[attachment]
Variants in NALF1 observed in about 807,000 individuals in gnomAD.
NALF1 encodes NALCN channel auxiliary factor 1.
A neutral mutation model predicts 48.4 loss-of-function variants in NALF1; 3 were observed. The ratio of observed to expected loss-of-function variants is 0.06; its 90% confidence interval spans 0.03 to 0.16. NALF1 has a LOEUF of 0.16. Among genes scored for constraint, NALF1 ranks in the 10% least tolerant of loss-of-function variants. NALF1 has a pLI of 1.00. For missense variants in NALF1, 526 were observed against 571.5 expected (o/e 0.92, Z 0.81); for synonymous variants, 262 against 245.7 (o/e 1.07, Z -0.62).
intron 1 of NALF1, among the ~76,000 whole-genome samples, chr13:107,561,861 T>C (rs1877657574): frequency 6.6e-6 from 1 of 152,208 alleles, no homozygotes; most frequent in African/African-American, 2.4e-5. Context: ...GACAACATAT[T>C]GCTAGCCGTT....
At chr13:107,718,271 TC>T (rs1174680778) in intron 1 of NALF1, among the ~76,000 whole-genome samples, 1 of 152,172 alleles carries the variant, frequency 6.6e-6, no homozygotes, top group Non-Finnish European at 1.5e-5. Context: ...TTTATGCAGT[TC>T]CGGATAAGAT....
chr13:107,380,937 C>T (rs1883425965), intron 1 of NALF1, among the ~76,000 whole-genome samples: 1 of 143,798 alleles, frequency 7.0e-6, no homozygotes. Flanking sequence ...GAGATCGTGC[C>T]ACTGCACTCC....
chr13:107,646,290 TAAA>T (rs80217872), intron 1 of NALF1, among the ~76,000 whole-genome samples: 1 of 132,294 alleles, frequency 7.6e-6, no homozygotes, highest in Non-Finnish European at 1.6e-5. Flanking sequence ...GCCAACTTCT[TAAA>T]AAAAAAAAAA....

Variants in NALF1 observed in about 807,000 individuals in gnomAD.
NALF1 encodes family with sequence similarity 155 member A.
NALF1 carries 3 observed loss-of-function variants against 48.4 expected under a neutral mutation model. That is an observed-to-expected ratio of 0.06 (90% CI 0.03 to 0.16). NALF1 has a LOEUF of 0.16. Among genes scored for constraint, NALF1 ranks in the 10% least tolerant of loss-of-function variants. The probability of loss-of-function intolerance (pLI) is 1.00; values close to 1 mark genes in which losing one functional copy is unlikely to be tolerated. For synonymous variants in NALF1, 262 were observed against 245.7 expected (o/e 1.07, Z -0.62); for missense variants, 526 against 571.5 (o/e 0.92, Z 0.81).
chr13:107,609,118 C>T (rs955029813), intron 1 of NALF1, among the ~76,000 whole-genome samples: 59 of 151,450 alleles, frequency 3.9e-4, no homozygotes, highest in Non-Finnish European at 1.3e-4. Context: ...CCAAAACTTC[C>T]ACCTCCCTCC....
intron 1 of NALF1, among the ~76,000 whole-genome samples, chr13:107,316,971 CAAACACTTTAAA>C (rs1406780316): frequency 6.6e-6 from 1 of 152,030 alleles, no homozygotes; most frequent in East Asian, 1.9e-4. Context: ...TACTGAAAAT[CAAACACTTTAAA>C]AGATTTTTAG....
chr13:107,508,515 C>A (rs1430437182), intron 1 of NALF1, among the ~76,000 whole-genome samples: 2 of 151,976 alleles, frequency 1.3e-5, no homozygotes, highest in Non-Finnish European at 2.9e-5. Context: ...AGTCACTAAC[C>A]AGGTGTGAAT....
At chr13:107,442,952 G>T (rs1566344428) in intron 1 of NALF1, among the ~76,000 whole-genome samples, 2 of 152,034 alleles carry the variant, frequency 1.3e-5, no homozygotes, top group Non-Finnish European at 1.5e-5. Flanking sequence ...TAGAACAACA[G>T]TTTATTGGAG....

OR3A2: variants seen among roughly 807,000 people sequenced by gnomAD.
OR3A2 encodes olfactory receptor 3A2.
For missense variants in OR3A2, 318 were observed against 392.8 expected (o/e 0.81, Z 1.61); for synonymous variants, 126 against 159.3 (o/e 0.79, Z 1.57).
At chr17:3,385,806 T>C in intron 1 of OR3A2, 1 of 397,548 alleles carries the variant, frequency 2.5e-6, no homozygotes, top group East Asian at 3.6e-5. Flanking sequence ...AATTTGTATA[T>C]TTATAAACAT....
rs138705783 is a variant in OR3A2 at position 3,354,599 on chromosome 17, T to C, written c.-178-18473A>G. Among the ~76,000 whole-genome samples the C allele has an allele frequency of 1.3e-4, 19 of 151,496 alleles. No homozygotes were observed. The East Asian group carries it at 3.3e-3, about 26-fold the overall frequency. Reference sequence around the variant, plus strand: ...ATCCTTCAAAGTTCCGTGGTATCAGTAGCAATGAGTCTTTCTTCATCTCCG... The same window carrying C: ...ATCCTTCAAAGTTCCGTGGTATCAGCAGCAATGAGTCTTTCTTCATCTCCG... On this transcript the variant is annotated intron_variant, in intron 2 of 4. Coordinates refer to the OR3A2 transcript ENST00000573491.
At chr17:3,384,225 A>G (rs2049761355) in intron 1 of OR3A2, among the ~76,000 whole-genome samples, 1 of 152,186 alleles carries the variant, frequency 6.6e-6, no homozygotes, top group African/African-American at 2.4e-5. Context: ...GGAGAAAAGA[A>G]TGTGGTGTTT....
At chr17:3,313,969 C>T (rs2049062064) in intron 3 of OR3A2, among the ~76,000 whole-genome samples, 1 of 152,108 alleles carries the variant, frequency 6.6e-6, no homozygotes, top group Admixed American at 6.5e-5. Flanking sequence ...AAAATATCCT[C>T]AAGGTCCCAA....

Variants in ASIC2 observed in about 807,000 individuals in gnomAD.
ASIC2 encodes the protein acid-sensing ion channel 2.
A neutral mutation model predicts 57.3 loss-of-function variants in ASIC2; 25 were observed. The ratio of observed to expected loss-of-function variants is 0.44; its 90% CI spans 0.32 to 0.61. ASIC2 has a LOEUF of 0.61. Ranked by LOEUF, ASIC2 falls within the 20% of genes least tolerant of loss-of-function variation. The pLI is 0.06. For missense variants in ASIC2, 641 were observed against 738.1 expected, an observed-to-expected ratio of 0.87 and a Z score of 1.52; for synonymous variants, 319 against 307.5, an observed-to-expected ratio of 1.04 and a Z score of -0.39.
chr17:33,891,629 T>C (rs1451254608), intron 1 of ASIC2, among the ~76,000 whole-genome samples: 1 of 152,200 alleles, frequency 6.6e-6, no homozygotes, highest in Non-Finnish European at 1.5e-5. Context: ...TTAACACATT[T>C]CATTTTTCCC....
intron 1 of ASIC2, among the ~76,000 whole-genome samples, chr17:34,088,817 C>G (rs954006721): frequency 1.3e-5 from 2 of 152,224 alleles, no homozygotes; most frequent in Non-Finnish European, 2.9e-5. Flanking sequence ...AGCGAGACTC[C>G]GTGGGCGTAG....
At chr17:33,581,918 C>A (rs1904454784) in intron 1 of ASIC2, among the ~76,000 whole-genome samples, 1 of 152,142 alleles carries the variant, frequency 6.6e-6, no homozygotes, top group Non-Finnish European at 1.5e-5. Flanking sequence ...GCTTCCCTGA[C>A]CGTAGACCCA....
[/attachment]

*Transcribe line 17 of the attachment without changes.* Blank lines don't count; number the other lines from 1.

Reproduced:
For missense variants in OR3A2, 318 were observed against 392.8 expected (o/e 0.81, Z 1.61); for synonymous variants, 126 against 159.3 (o/e 0.79, Z 1.57).